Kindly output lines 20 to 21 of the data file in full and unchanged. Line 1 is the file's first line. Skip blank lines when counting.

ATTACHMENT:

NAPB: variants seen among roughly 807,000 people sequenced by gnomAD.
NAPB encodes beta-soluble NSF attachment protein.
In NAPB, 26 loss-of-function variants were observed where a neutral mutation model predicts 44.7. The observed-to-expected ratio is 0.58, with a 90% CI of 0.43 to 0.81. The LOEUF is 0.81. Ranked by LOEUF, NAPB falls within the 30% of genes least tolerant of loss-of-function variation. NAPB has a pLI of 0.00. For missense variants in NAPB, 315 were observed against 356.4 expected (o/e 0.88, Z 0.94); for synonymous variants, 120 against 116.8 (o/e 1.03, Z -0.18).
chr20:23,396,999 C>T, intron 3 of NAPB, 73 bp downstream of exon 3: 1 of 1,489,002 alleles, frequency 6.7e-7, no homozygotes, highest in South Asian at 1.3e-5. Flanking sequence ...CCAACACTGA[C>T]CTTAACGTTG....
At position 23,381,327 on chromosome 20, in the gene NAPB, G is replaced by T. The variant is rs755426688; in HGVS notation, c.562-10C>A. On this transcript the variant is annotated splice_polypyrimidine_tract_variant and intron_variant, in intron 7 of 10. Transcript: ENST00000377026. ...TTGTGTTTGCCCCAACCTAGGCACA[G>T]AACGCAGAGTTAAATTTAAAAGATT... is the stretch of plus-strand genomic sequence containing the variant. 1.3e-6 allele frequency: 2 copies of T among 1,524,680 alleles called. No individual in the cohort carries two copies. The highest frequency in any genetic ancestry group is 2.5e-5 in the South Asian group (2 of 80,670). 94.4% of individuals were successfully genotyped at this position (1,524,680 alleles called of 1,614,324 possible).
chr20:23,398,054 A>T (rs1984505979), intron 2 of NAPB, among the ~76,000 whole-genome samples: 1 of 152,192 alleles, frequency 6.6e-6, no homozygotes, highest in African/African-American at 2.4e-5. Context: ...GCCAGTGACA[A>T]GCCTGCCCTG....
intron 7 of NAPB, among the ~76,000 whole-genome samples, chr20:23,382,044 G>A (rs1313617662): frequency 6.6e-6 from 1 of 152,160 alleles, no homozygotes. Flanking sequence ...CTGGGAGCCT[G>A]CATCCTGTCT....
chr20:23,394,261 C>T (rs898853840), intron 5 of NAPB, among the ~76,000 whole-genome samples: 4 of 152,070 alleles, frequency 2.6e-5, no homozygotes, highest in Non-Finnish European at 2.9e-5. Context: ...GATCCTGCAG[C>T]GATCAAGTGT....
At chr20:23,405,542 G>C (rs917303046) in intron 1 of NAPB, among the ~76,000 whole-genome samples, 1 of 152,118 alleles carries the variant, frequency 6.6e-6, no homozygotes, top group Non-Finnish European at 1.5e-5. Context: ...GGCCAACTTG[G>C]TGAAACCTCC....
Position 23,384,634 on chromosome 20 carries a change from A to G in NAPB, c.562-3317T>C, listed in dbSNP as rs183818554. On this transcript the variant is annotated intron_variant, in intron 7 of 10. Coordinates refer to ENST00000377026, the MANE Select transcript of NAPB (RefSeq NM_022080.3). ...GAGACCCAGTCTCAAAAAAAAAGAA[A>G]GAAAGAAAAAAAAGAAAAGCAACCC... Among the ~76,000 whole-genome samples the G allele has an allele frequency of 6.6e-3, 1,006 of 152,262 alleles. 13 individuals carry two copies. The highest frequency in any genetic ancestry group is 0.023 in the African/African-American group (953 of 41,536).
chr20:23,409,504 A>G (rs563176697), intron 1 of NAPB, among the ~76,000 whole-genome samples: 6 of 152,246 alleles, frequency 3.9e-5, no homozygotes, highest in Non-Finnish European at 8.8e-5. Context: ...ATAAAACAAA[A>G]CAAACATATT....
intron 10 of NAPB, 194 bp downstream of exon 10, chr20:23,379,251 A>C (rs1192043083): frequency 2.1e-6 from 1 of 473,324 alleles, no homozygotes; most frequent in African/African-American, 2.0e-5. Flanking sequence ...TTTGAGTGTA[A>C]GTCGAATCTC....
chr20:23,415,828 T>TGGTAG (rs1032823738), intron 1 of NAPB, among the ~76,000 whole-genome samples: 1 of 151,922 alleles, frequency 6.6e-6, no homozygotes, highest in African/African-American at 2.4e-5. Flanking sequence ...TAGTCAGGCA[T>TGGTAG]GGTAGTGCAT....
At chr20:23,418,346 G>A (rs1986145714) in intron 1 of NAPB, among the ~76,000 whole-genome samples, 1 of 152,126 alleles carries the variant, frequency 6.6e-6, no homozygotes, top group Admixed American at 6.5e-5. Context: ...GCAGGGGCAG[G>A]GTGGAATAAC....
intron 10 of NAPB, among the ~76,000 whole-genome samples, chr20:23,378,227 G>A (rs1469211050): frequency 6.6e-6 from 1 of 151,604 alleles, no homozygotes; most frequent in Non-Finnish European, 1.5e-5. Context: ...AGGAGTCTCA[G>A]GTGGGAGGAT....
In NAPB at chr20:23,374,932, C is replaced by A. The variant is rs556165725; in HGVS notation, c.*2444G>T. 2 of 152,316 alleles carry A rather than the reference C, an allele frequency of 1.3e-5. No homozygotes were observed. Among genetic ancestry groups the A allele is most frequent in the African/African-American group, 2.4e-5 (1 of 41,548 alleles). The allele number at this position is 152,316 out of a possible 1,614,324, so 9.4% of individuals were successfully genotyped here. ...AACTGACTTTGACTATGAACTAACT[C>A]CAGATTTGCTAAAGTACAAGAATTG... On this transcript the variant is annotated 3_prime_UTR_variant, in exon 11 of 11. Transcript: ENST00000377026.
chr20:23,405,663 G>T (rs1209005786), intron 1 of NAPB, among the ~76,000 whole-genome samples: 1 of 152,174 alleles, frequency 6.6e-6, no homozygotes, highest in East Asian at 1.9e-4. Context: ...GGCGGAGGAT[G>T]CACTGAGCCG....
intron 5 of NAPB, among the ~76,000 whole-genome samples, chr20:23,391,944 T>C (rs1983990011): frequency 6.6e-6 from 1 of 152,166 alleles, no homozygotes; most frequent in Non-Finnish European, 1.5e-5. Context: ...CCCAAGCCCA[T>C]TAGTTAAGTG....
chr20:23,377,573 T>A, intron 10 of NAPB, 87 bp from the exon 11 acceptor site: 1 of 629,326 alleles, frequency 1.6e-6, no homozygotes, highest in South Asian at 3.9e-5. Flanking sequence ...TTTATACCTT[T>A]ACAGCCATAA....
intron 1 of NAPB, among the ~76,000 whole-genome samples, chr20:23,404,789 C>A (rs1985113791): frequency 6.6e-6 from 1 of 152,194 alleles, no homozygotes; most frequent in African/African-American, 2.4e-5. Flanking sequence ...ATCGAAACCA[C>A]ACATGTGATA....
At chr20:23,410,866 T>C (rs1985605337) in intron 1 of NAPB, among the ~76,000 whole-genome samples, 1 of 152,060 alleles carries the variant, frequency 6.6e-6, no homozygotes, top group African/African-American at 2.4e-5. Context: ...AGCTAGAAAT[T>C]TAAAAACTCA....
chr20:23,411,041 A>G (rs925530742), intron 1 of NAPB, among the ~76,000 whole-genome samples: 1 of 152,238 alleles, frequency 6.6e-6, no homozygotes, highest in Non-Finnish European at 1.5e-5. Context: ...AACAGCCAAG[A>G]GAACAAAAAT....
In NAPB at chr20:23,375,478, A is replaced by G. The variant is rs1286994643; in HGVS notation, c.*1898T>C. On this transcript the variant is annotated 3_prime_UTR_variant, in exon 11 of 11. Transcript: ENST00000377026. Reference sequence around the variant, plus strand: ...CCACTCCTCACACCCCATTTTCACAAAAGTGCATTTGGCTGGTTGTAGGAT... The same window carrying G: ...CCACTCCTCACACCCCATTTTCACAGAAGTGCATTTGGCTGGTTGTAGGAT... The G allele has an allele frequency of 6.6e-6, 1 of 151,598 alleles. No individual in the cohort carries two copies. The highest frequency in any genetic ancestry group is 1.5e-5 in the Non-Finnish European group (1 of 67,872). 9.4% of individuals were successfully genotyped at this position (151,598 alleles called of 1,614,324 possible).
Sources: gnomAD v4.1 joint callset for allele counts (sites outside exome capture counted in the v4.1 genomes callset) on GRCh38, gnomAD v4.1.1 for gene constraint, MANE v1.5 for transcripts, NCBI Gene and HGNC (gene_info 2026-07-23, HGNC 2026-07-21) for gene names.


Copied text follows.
intron 1 of NAPB, among the ~76,000 whole-genome samples, chr20:23,404,789 C>A (rs1985113791): frequency 6.6e-6 from 1 of 152,194 alleles, no homozygotes; most frequent in African/African-American, 2.4e-5. Flanking sequence ...ATCGAAACCA[C>A]ACATGTGATA....
At chr20:23,410,866 T>C (rs1985605337) in intron 1 of NAPB, among the ~76,000 whole-genome samples, 1 of 152,060 alleles carries the variant, frequency 6.6e-6, no homozygotes, top group African/African-American at 2.4e-5. Context: ...AGCTAGAAAT[T>C]TAAAAACTCA....